Trevor Cosgrove tallied a team-best 11 assists in 2019-20 for Colgate (photo: Justin Wolford).

Head coach: Don Vaughan, entering his 28th year at Colgate.
2019-20 overall record: 12-16-8 (8-9-5, eighth in ECAC Hockey)
Key returning players: Forwards Colton Young (7-11-18) and Paul McAvoy (9-8-17), defenseman Nick Austin (0-10-10), and goalies Andrew Farrier (7-9-2, 2.34, .919) and Mitch Benson (5-7-6, 2.08, .925).
Key losses: Forwards Bobby McMann (10-10-20), Ben Sharf (10-10-20), and Jared Cockrell (7-10-17), and defenseman Paul Meyer (1-5-6, has appeared in every game over the last three seasons)
Key additions: Forwards Alex Young (Canmore/AJHL) and Ross Mitton (Omaha/USHL), defenseman Elliott McDermott (Carleton Place/CCHL), and goalie Carter Gylander (Sherwood Park/AJHL)
2020-21 prediction: The Raiders have good depth in goal and a solid defensive unit, led by Austin and senior Trevor Cosgrove. Offense will once again be a question mark for Colgate; the Raiders only have three players on their roster with more than ten career goals. Incoming freshman Alex Young, a San Jose draft pick, scored a goal in his first collegiate game last month against Clarkson. He’ll pair with older brother Colton, the Raiders’ top returning scorer, to give Colgate a pair of top-line threats. Colgate should be in most games thanks to its goaltending and defense, but it might be hard to match the offensive output of Clarkson and Quinnipiac.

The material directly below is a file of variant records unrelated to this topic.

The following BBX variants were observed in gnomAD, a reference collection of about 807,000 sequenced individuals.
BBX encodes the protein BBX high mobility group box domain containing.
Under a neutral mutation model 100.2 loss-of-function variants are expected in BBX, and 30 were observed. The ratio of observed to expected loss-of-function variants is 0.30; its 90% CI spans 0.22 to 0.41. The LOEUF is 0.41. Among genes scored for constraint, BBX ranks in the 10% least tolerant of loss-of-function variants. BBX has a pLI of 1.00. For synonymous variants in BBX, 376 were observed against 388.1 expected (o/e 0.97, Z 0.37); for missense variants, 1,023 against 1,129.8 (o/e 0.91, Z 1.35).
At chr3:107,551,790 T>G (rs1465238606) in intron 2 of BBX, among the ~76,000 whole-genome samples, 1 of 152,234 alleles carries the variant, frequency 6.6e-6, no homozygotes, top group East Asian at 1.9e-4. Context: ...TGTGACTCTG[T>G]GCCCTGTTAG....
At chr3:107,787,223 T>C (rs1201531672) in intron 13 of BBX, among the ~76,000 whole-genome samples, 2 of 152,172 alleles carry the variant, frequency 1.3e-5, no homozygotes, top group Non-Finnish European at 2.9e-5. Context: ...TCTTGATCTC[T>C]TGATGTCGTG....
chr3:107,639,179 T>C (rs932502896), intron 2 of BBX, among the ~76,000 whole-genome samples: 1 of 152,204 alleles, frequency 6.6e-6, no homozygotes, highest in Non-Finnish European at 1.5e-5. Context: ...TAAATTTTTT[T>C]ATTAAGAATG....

St. Lawrence captain Dylan Woolf is a stalwart in the back end for the Saints (photo: Harrison Barden).

Head coach: Brent Brekke, entering his second season at St. Lawrence.
2019-20 overall record: 4-27-5 (2-18-2, last in ECAC Hockey)
Key returning players: Forwards Jordan Steinmetz (5-8-13) and David Jankowski (4-7-11), and defenseman Dylan Woolf (0-7-7)
Key losses: Forwards Zach Risteau (7-16-23) and Keenan Suthers (9-5-14), and defenseman Bo Hanson (5-14-19)
Key additions: Forwards Reilly Moran (Powell River/BCHL), Logan Ritchie (Kenai River/NAHL), and Max Dorrington (Cushing Academy Prep), and defensemen Tucker McIntosh (Ottawa/CCHL) and Luc Salem (Topeka/NAHL)
2020-21 prediction: It can only get better for St. Lawrence, as the Saints had the lowest full season win total in program history last year. St. Lawrence went more than three months between wins last season and then saw its top three scorers transfer in the offseason. The Saints have nine incoming freshman that should push for playing time. The influx of newcomers might lead to some inconsistencies this season, but it also should give the freshmen a chance to gain some valuable experience. The Saints will also have the benefit of playing a full season in Appleton Arena. St. Lawrence didn’t play in its home rink until January 31 last season due to delays in renovations to the arena.